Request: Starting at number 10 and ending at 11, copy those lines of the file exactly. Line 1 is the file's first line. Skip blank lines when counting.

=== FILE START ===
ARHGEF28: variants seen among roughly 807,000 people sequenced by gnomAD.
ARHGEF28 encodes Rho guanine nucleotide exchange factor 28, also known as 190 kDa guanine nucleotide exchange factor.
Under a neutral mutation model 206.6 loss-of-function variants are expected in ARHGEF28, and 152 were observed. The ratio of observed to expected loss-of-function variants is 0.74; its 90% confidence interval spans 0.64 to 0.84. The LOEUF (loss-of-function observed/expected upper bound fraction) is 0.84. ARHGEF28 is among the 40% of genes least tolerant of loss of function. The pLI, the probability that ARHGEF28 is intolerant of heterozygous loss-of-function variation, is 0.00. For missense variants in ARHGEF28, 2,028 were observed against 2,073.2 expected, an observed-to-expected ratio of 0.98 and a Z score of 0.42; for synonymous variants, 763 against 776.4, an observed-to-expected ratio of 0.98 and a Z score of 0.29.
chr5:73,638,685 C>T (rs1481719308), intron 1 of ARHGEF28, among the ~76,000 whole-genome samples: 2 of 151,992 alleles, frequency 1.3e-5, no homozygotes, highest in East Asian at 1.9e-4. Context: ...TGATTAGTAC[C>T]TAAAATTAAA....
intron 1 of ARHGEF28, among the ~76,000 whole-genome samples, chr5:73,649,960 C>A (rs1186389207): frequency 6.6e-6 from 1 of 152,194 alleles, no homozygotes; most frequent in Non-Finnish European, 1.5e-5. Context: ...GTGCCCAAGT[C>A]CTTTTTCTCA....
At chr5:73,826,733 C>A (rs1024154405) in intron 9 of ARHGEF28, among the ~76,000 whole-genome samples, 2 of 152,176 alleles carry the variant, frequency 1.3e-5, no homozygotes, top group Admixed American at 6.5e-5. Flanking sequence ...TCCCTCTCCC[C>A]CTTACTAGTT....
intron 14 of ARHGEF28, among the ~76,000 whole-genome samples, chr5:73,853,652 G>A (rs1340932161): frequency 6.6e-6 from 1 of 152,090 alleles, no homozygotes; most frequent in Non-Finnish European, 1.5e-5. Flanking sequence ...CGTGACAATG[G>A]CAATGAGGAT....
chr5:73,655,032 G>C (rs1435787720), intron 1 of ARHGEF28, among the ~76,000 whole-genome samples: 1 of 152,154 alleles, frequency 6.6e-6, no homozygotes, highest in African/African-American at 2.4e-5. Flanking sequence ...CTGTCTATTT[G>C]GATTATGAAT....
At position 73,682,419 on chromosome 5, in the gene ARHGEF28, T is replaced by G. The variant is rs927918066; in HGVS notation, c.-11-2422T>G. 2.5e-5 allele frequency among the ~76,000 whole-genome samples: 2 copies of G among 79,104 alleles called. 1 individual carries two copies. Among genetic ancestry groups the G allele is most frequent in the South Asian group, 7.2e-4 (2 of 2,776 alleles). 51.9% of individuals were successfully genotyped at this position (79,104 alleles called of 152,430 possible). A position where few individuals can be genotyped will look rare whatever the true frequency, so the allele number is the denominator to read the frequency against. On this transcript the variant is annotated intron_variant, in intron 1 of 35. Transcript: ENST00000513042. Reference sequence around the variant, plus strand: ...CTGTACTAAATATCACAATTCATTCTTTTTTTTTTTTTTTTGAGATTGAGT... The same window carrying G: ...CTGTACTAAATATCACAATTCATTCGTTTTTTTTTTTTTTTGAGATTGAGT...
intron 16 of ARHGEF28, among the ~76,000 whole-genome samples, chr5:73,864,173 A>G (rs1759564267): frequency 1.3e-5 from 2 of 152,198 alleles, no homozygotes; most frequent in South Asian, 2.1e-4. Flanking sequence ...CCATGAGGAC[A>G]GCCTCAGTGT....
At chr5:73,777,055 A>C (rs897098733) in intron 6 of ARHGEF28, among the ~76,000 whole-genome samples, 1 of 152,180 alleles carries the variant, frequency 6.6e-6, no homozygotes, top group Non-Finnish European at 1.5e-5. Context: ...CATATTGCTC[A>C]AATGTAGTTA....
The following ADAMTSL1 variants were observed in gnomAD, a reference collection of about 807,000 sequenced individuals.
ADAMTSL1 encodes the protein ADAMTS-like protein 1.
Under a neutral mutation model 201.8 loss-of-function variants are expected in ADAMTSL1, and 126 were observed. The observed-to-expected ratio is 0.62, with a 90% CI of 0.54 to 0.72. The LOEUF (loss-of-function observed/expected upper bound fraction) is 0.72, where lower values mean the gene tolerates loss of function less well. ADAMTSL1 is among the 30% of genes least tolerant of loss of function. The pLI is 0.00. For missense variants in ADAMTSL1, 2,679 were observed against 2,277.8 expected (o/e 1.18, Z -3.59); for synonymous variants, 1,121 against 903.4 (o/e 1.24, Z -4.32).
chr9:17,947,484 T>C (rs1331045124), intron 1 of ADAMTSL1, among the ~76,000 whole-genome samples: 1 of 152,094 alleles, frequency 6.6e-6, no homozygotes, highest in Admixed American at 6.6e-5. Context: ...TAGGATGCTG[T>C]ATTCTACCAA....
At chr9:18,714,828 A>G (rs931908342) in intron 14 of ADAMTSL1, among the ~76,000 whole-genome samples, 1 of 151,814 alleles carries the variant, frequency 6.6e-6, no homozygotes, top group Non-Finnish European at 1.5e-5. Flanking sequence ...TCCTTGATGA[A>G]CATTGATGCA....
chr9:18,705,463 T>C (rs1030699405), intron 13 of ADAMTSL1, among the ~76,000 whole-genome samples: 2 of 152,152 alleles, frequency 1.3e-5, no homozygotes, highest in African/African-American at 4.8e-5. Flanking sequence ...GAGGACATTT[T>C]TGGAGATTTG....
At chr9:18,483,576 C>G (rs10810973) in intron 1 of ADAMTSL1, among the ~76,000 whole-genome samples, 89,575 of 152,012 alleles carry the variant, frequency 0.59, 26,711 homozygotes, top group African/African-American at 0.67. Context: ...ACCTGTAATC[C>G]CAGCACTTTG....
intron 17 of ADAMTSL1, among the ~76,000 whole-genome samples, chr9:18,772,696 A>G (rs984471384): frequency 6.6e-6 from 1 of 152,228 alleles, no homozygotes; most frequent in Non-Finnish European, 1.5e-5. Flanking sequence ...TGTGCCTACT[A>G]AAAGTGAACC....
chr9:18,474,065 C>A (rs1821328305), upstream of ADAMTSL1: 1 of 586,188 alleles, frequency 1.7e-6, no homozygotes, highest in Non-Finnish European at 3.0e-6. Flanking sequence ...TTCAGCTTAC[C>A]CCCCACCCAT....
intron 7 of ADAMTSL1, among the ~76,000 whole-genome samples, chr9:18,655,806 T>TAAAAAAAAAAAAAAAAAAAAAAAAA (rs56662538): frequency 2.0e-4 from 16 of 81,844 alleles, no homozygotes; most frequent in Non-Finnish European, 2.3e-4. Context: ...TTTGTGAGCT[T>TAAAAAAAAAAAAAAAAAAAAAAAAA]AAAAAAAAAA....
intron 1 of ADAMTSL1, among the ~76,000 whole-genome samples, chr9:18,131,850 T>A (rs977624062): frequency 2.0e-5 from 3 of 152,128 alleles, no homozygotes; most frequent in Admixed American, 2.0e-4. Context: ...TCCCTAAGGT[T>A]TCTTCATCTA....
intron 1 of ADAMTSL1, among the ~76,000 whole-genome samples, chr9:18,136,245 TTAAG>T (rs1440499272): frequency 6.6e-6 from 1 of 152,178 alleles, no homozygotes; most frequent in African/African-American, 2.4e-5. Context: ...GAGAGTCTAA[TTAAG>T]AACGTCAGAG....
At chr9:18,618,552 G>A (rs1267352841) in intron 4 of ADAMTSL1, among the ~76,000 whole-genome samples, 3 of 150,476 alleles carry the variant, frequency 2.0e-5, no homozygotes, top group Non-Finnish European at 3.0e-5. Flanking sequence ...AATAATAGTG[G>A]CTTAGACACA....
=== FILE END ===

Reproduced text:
intron 16 of ARHGEF28, among the ~76,000 whole-genome samples, chr5:73,864,173 A>G (rs1759564267): frequency 1.3e-5 from 2 of 152,198 alleles, no homozygotes; most frequent in South Asian, 2.1e-4. Flanking sequence ...CCATGAGGAC[A>G]GCCTCAGTGT....
At chr5:73,777,055 A>C (rs897098733) in intron 6 of ARHGEF28, among the ~76,000 whole-genome samples, 1 of 152,180 alleles carries the variant, frequency 6.6e-6, no homozygotes, top group Non-Finnish European at 1.5e-5. Context: ...CATATTGCTC[A>C]AATGTAGTTA....